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Publication numberUS2763984 A
Publication typeGrant
Publication dateSep 25, 1956
Filing dateSep 13, 1955
Priority dateSep 17, 1954
Also published asDE1059247B
Publication numberUS 2763984 A, US 2763984A, US-A-2763984, US2763984 A, US2763984A
InventorsMarcel Kadosch, Marchal Raymond H
Original AssigneeSnecma
Export CitationBiBTeX, EndNote, RefMan
External Links: USPTO, USPTO Assignment, Espacenet
Device for regulating the effective cross-section of a discharge-nozzle
US 2763984 A
Abstract  available in
Previous page
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Claims  available in
Description  (OCR text may contain errors)

Pt. 25, 1956 M. KADOSCH ETAL 2,763,984


INVENTORS Manual. KADoscH Raw Mom: H. MARCHRL 34 410.}, M, M rmw ATTORNEYS DEVICE FUR REGULATKNG THE EFFECTIVE CRGSELSECTHUN (ME A. DISQHARGE-NDZZLE Marcel Kadosch and Raymond H. Marchal, Paris, France, assignors to Societe Nationale dEtude et de Construction do Moteurs dAviation, Paris, France, a company of France Application September 13, 1955, Serial No. 534,119 Claims priority, application France September 17, 1954 2 Claims. (Cl. 60-35.6)

In the U. S. patent applications Ser. No. 263,666, filed December 27, 1951; Ser. Nos. 358,666, 358,667 and 358,668, filed June 1, 1953; Ser. Nos. 396,991 and 396,992, filed December 8, 1953; Ser. No. 397,112,

nit n7 rates Patent filed December 9, 1953; Ser. No. 455,852, filed September 14, 1954-; and Ser. No. 485,179, filed January 31, 1955, is described a method enabling the flow of a gaseous fluid inside a conduit to be controlled, and in particular the cross-section of passage available to the said flow, the said method consisting in directing on to the said fiow an auxiliary jet of a gas at suitable pressure, the initial speed of which has a component at right angles to the direction of the said flow.

Devices for carrying this method into eifect have also been described in the said applications for patents thereto, together with various applications of the said method, particularly in respect of the regulation of the outlet crosssection of the discharge-nozzle of a reaction-propulsion unit.

In general, the discharge-nozzles of reaction motors form convergent surfaces with a double curvature, the extremity of which is tangential to a cylinder parallel to the axis (see Fig. l of the attached drawings showing in axial cross-section the cylindrical extremity 1 of a discharge-nozzle of this kind). In this way, by suitably determining the shape of the discharge-nozzle, and in particular the various radii of curvature, reaction jets can be produced such that all the molecules are discharged in a direction truly parallel to the axis of the discharge-nozzle and at the same speed, the jet retaining a constant cross-section for some time after its discharge from the nozzle, this cross-section being identical with that of the extremity of the said discharge-nozzle.

Now there exists a further type of reaction dischargenozzle, in which the streams of gas discharge are no longer parallel but are convergent. In a discharge-nozzle of this kind, the jet reaches its minimum cross-section a short distance on the downstream side of the outlet cross-section. In order to obtain this result, it is merely necessary for the extremity of the discharge-nozzle to be tangential to a convergent cone, and very often this discharge-nozzle will have one curvature only without a point of inflection, its concavity being always turned towards the interior of the conduit. For example, the discharge-nozzle may terminate quite simply in a 45 cone. A discharge-nozzle of this kind may be termed a truncated discharge-nozzle.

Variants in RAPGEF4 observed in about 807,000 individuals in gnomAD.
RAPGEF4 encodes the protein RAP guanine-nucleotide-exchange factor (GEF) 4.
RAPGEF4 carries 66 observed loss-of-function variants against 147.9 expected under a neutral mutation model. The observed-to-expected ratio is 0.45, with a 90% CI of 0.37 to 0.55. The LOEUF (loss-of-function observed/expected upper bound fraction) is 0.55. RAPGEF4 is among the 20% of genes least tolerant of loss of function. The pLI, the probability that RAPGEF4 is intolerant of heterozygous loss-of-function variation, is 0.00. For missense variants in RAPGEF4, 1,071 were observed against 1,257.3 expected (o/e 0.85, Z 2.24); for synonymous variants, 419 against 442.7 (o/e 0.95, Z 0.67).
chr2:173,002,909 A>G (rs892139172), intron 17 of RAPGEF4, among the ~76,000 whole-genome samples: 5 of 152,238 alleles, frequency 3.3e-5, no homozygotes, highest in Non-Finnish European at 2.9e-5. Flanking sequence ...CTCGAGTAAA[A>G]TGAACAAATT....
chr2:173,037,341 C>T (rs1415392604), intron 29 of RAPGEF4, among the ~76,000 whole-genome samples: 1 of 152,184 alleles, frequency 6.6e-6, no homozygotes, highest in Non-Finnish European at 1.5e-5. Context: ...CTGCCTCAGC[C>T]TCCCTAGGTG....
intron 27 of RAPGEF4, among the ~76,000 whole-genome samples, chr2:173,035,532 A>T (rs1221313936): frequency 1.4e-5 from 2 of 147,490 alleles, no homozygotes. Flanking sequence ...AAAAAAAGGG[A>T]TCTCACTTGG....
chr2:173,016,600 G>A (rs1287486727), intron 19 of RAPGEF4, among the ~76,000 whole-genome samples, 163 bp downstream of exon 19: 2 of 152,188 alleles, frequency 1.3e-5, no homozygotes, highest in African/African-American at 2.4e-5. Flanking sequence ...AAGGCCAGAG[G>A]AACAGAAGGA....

In addition to the fact that a shape of this kind results in a simpler and lighter construction, it is also to be recommended because of the following feature. With such a truncated discharge-nozzle, the minimum crosssection of the jet is less than the minimum geometric cross-section of the discharge-nozzle. The relation between these two cross-scetions, which is known as the coetficient of discharge of the nozzle, is less than unity. Now this coeificient of discharge depends to some extent on the pressure on the upstream side of the dischargenozzle, and thus on the speed of operation of the reaction ice unit, and it happens that this variation in the coefiicient of discharge makes it more easy to regulate the whole machine.

With such a truncated nozzle, it is possible to control aerodynamically the passage cross-section for the motive fluid, by providing one or more auxiliary nozzles fed with pressure fluid and orientated in such a manner that the jet or jets formed by this fluid pass into the dischargenozzle in a direction roughly parallel to its axis or to its plane of symmetry, depending on the case, and with a direction of flow opposite to the mean direction of the main flow.

It is this particular combination of a truncated discharge-nozzle with one or a number of nozzles for aerodynamic control of the crosssection which forms the object of the present invention.

The description which follows below with reference to the attached drawings (which are given by Way of example only and not in any sense by way of limitation) will make it quite clear how the invention may be carried into effect, the special features which are brought out, either in the text or in the drawings, being understood to form a part of the said invention.

Fig. 1 is a view in axial cross-section of a dischargenozzle with a cylindrical extremity, and has already been referred to in the preamble to the present description.

Fig. 2 is a view in axial cross-section of a truncated discharge-nozzle provided with an application of the invention.

Fig. 3 is a detail view to a larger scale and in crosssection of the extremity of this dischargenozzle.